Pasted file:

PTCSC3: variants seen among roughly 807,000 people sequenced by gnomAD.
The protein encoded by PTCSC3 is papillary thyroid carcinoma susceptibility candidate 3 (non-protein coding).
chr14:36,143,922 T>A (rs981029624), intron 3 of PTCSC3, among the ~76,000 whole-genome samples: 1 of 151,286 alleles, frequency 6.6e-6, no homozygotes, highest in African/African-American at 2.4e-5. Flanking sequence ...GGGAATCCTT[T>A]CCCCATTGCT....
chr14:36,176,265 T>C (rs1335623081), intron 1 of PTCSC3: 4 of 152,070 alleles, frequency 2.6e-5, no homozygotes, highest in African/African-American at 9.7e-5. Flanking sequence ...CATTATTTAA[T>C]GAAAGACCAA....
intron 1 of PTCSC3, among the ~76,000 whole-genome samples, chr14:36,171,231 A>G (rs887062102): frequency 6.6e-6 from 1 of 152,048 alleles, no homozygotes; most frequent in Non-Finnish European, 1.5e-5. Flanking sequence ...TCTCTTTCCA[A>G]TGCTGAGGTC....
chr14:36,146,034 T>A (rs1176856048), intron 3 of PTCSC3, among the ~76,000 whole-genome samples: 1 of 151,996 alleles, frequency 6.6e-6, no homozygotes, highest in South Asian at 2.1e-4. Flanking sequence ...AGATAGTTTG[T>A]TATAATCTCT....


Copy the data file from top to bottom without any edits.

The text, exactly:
PTCSC3: variants seen among roughly 807,000 people sequenced by gnomAD.
The protein encoded by PTCSC3 is papillary thyroid carcinoma susceptibility candidate 3 (non-protein coding).
chr14:36,143,922 T>A (rs981029624), intron 3 of PTCSC3, among the ~76,000 whole-genome samples: 1 of 151,286 alleles, frequency 6.6e-6, no homozygotes, highest in African/African-American at 2.4e-5. Flanking sequence ...GGGAATCCTT[T>A]CCCCATTGCT....
chr14:36,176,265 T>C (rs1335623081), intron 1 of PTCSC3: 4 of 152,070 alleles, frequency 2.6e-5, no homozygotes, highest in African/African-American at 9.7e-5. Flanking sequence ...CATTATTTAA[T>C]GAAAGACCAA....
intron 1 of PTCSC3, among the ~76,000 whole-genome samples, chr14:36,171,231 A>G (rs887062102): frequency 6.6e-6 from 1 of 152,048 alleles, no homozygotes; most frequent in Non-Finnish European, 1.5e-5. Flanking sequence ...TCTCTTTCCA[A>G]TGCTGAGGTC....
chr14:36,146,034 T>A (rs1176856048), intron 3 of PTCSC3, among the ~76,000 whole-genome samples: 1 of 151,996 alleles, frequency 6.6e-6, no homozygotes, highest in South Asian at 2.1e-4. Flanking sequence ...AGATAGTTTG[T>A]TATAATCTCT....